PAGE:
- providing employees with appropriate work clothing and, where necessary, with protective clothing and respiratory protection;
- creating separate storage facilities for work and personal clothing;
- providing employees with washrooms equipped with showers and, if necessary, installing eyewash stations;
- cleaning, inspecting and storing used personal protective equipment at a specified location after the end of the working day;
- regular cleaning and washing of work and protective clothing and, in case they become unusable, their handling in accordance with the Waste Act
Where a significant increase in workers' exposure to carcinogens or mutagens can be expected during some work processes, such as equipment maintenance, and where normal technical measures to protect workers are not sufficient, the employer shall, after consulting workers or their representatives, determine the specific measures necessary to ensure their health and safety.
In this case, workers must be provided with protective clothing and personal respiratory protective equipment which they must wear for as long as the exposure to carcinogens or mutagens persists, the exposure being limited to the minimum necessary for each worker. The area where the work is to be carried out must be clearly marked and access by unauthorised persons must be prevented.
Training of employees
As with any job, the employer must provide instruction and training to workers on exposure to carcinogens and mutagens. There must be written safety instructions for carrying out the instruction, which must be available to the employees. The instructions must be prominently displayed so that the worker can quickly refresh their memory during work if necessary.
The training must cover the following topics:
- adverse health effects of carcinogens and mutagens, including the increased risk of damage to health in case of smoking;
- safety measures to avoid exposure to carcinogens and mutagens;
- the meanings of the safety signs used;
- occupational hygiene requirements established in the company;
- the purpose and procedure for the use of personal protective equipment, including protective clothing;
- instructions for action in the event of a dangerous situation.
The training must be repeated if there are significant changes in the work process concerning the carcinogens or mutagens, or the equipment or technology used.
The employer shall inform workers of the equipment and containers containing carcinogens or mutagens used in the establishment and shall ensure that all equipment, containers and packaging containing these substances bear clearly legible labelling and clearly visible warning signs.
The employer must keep a list of workers exposed to carcinogens as a result of their work, which must include the following information:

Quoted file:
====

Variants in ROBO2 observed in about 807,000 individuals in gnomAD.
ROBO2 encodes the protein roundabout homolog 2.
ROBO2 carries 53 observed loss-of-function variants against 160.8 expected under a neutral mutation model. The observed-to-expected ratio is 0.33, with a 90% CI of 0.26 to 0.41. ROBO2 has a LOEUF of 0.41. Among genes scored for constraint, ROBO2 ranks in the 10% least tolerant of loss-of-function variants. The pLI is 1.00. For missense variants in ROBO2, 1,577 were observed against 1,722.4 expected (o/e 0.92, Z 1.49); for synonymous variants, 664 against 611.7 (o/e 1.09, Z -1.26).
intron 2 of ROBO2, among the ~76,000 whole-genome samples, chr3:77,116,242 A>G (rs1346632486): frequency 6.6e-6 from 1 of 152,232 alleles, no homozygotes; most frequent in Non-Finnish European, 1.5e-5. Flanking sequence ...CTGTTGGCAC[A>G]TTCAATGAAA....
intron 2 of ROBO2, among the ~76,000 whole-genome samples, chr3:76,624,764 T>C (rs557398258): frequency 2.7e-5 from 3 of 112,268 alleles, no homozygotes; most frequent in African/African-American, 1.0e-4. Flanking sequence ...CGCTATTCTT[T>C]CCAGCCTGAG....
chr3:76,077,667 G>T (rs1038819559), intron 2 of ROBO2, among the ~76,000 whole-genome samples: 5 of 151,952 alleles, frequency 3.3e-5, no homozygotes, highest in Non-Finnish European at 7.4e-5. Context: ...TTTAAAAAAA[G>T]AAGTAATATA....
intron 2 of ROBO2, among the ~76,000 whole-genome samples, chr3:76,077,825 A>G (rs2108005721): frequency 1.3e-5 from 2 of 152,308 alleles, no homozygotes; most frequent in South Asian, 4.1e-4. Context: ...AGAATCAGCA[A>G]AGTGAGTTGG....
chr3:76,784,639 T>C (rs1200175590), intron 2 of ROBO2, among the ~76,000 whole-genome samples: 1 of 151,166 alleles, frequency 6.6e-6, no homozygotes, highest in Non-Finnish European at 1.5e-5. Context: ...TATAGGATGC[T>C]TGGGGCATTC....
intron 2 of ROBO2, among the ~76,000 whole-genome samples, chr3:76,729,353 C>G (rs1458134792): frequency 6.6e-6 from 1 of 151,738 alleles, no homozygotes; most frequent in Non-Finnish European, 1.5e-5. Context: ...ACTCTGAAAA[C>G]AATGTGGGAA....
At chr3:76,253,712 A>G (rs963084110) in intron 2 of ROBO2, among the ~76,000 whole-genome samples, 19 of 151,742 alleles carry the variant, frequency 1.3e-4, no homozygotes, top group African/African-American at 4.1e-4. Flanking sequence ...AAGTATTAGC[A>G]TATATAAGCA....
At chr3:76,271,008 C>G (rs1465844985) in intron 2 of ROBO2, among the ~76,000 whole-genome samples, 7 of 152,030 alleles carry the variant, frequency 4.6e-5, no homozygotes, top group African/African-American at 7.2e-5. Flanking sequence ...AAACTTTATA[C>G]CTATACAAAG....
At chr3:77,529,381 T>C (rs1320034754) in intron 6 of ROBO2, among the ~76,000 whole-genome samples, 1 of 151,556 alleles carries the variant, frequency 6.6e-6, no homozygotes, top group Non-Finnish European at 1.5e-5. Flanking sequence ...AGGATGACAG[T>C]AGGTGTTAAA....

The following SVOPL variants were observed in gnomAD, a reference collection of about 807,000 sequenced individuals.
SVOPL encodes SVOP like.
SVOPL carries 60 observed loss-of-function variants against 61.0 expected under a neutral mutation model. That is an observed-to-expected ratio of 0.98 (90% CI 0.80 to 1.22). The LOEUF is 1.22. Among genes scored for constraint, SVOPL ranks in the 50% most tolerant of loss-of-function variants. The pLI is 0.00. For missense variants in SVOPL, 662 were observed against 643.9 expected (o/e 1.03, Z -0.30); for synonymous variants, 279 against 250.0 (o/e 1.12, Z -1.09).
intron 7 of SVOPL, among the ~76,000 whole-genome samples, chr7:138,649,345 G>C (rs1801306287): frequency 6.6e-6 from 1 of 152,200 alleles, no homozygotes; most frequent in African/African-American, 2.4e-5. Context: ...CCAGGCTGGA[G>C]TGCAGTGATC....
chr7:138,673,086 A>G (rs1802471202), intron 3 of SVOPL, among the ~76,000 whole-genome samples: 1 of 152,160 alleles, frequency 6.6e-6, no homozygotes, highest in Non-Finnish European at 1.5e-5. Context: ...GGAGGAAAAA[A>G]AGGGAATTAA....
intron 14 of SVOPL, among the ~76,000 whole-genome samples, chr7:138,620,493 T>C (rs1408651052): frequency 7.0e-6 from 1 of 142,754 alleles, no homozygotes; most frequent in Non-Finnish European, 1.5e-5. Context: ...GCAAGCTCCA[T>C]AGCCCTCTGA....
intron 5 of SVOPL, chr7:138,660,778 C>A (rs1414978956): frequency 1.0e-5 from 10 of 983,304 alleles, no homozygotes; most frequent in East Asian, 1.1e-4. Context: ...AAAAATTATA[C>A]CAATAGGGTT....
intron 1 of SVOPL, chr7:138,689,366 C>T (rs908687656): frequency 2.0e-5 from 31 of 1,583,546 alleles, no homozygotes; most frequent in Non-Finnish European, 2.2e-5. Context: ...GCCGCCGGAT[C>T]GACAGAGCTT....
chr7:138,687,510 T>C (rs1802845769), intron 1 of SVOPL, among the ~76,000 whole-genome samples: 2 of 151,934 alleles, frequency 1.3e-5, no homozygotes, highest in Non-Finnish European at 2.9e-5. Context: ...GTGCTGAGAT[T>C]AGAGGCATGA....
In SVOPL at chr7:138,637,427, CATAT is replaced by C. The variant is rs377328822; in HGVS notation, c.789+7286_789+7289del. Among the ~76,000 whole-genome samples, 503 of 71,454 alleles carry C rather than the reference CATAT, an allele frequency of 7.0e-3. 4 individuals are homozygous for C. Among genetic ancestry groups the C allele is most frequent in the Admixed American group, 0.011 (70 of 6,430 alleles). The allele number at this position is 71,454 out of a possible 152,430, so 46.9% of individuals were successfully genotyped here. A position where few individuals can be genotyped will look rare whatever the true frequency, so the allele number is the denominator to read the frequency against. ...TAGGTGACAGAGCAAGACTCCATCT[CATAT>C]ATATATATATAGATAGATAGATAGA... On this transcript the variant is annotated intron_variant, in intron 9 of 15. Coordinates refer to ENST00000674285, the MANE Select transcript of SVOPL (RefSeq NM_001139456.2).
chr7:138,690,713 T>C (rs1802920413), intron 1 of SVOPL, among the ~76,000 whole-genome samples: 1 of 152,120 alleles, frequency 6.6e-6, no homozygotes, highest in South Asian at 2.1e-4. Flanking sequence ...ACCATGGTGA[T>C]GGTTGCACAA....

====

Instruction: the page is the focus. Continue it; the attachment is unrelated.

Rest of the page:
- first name and surname of the employee;
- description of duties;
- the name of the carcinogen or mutagen to which the worker has been exposed;
- duration of exposure to the carcinogen or mutagen.
Data on a listed worker must be kept up-to-date by the employer for at least 40 years after the worker was last exposed to the carcinogen. The employee has the right to know the data about them entered into the list. Employees and the working environment representative must have access to non-personalised statistical information on the list.
The list of employees must be available for inspection by an occupational health doctor, a working environment specialist and a labour inspector.
Medical examination of employees
The employer shall ensure that all workers exposed to carcinogens or mutagens undergo a health examination before exposure to the risk factor and thereafter at intervals to be determined by the occupational health doctor, but at least once every three years. If, during a medical examination, a worker is diagnosed with a medical condition resulting from exposure to a carcinogen or mutagen, other workers working in similar conditions must also undergo the medical examination. In this case, an additional risk assessment of the working environment must also be performed.
In cases prescribed by the occupational doctor, the worker must also undergo medical examinations after the end of exposure to the carcinogen or mutagen. How long and how often these medical examinations are performed is determined by the occupational health doctor.
Notification of the handling of carcinogens or mutagens
The employer is required to notify the Labour Inspectorate at least 30 days before starting work with carcinogens or mutagens for the first time, submitting the following information in writing or electronically:
- the name and address of the employer;
- a list of the carcinogens used together with the data identifying them in accordance with the Chemicals Act;
- a list of work processes or technologies for which carcinogens are used and the reasons for their use;
- the quantities of carcinogenic substances or mixtures manufactured or used;
- the number of workers exposed to carcinogens, the nature and duration of exposure during the working day or working week;
- details of safety precautions used, including personal protective equipment used.
If the employer has identified the risk of exposure to carcinogens or mutagens in the course of the risk assessment of the working environment, they are required to notify the Labour Inspectorate by submitting written or electronic information on the replacement of the used carcinogen with another carcinogen.
A notification on the handling of carcinogens can be sent to the Labour Inspectorate's e-mail address [email protected] or forwarded via the customer portal. The customer portal is located at https://eti.ti.ee/login/index?redir=true